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The student news site of Pleasant Valley High School

Spartan Shield

The student news site of Pleasant Valley High School

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Protecting education, not firearms: Why guns have no role in schools

Pleasant+Valley+students+become+a+possible+target+for+gun+violence+after+new+bill+passes.
Katelyn Morris
Pleasant Valley students become a possible target for gun violence after new bill passes.

Iowa politicians passed House File 2586 on February 28, stirring controversy amongst students. The bill aims to increase security in grade schools across Iowa, but its outcome might be just the opposite.

House File 2586 established the School Security Personnel Grant Program to be administered by the Department of Education. This program requires security personnel to be present in larger school districts in high school buildings. The Bill also authorizes school employees to carry firearms on school property with professional permits.

House File 2652 plans to extend the effects of the bill passed in February.

File 2652 provides schools with financial resources to implement various safety measures in schools. The bill passed earlier in the year outlines the ability to train school staff on firearms and that such training would allow for teachers and staff to carry weapons in the classroom.

Passed in March, File 2652 created a three million dollar grant program that would help fund the purchasing of firearms and the training of teachers in schools across Iowa, making the possibility of guns in classrooms very accessible.

But putting the source of destruction in the classroom setting is not the answer schools seek.

Junior Ryan Pottratz shared his concerns regarding the new bills. “It makes me feel unsafe. [The guns] will be at a more ready place to grab,” he said.

Senior Shreya Vijay has a similar opinion. “I feel unsafe if anyone has a gun in a school, not necessarily just a teacher. People go through crazy moods and anything could happen.” she said.

School shootings are often unpredictable, and a greater number of guns doesn’t resolve this. Family members of the Perry High School gunman have shared that they had no inkling the shooter had plans or was even capable of such an act.

Tragedies such as these have little to no warnings, and the risk of making firearms possibly available to violent students or even violent teachers is not worth the lives of students and educators.“I get why they want teachers to have guns in school, but I feel that it will hurt more than it will help.” Pottratz noted.

There is also an added layer of complexity when considering the introduction of liability risks.

State Law Enforcement Officers receive on average 168 hours of firearm training just at the recruitment level. A 2010 study from the National Library of Medicine showed that even highly trained officers perform worse with hand-guns in high stress environments. Putting this additional pressure on teachers could result in compounding incidents in emergency situations.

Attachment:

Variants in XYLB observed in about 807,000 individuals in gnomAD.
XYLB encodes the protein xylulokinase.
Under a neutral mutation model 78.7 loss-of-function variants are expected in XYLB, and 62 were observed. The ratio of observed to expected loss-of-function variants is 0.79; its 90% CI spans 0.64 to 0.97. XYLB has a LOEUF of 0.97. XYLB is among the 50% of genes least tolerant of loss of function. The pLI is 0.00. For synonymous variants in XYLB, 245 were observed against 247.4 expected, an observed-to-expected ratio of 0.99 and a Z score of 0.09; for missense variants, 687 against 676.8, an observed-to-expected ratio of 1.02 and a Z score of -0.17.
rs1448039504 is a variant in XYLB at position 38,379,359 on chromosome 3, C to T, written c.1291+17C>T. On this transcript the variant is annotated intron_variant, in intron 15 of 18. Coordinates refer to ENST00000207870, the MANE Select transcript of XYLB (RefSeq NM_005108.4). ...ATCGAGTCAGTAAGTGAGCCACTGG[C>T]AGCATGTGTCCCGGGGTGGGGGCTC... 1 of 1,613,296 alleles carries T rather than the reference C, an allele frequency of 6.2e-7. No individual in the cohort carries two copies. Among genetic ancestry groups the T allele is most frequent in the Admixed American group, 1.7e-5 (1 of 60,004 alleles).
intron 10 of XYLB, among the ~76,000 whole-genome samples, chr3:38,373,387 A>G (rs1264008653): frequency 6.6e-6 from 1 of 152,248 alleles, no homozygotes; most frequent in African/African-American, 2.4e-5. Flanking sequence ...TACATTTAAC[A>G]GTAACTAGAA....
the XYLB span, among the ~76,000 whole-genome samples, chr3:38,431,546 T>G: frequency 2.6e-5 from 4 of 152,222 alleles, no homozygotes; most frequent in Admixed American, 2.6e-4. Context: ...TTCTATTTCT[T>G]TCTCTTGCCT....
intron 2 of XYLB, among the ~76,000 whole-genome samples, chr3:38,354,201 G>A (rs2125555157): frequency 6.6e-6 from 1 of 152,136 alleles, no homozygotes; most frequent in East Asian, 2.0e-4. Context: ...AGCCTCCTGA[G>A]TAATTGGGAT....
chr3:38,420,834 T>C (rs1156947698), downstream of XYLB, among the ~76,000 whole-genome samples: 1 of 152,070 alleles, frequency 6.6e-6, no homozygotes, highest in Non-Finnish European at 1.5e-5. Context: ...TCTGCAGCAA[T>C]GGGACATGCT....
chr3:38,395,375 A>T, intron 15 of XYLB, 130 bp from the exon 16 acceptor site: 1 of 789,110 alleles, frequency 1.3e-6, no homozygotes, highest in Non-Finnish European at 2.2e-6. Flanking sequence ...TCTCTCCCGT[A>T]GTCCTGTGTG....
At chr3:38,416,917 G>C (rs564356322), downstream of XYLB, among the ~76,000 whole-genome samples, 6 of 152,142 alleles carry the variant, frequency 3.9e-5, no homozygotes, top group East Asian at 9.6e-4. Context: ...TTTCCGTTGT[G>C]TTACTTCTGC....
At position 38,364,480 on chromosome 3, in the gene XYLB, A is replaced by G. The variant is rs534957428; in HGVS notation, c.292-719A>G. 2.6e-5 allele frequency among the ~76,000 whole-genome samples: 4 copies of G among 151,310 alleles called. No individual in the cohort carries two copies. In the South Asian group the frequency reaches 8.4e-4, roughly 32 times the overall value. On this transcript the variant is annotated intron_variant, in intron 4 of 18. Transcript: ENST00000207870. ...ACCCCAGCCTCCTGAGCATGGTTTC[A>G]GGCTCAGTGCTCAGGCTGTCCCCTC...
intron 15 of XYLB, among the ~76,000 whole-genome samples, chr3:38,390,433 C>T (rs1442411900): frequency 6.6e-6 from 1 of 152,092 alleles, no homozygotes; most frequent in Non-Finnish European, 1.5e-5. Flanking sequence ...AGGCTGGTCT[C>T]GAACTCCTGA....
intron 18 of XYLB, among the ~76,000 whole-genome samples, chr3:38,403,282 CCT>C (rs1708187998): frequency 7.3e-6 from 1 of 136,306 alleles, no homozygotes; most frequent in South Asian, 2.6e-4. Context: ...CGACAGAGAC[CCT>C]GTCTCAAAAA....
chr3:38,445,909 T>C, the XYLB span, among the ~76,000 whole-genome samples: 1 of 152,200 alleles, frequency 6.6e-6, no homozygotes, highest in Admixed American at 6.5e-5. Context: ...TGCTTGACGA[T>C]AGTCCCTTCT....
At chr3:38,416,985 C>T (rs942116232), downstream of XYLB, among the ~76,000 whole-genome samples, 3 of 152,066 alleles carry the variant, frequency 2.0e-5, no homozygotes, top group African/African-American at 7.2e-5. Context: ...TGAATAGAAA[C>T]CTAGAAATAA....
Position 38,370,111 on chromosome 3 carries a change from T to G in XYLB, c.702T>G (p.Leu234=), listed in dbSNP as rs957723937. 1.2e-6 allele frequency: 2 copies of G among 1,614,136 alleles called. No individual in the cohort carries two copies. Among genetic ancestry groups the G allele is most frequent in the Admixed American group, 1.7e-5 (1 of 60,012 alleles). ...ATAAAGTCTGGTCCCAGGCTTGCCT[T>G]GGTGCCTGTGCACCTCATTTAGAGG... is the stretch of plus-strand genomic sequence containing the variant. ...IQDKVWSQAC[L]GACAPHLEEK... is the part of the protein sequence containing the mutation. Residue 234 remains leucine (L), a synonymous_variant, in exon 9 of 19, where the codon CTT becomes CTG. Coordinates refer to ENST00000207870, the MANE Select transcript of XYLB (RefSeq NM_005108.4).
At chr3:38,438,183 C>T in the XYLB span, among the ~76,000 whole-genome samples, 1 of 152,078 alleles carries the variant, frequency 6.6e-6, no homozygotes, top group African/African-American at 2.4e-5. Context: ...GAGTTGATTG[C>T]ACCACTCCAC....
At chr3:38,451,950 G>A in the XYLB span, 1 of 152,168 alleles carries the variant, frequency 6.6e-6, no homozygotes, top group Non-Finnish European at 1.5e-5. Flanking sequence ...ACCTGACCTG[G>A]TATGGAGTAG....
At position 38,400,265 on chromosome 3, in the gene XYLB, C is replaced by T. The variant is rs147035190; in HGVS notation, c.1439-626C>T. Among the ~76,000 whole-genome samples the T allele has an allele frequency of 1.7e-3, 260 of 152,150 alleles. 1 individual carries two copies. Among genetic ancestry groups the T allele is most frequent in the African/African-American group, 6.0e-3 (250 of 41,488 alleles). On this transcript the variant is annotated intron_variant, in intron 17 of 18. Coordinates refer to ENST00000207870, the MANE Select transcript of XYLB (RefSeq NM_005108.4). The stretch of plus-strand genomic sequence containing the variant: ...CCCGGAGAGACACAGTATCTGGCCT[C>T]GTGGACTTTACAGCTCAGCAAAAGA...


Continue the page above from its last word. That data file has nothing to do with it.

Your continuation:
Additionally, these factors could cause a decline in the number of available teachers as the job may lose appeal. The profession has fallen between 20-40% percent in the last decade, and increased risk factors could cause an even larger decline.

Junior Brooke Yulga plans on going into the field of education, and she shared her apprehension entering the profession.

“Being responsible for a person’s education is already so scary, but being responsible for their lives is beyond what I expected. The idea of teachers having guns almost makes me reconsider what I want to do in life,” she said.

The American Federation of Teachers and The National Education Association both propose schools adopt evidence-based prevention and intervention plans. These plans aim to support mental health programs in schools and communities, implementing extreme risk laws, establishing threat assessment programs, increasing basic security equipment and much more.

Putting guns in a classroom setting is only a passive action that merely reacts to a threat of real danger. Safer schools start with active plans to prevent threats.

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About the Contributor
Katelyn Morris, Arts and Entertainment Editor, News Editor
Katelyn is a senior at Pleasant Valley High School and is serving as the section editor of the Arts and Entertainment and News sections. Outside of school she enjoys theatre, art, and shopping. Katelyn loves spending way too much time away from home and never gets enough sleep. She plans on pursuing a degree in music education after high school.
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    EllaMar 31, 2024 at 11:28 pm

    This is a wonderful article that highlights the fear of students who will be heading into the academic/education field. It also breaks down the bill and what it means for students and teachers alike.

    Reply
  • K

    Kaleigh McGrathMar 31, 2024 at 10:19 pm

    I completely agree. Allowing staff to carry guns in school just opens more doors for possible threats or accidents waiting to happen. It is terrifying.

    Reply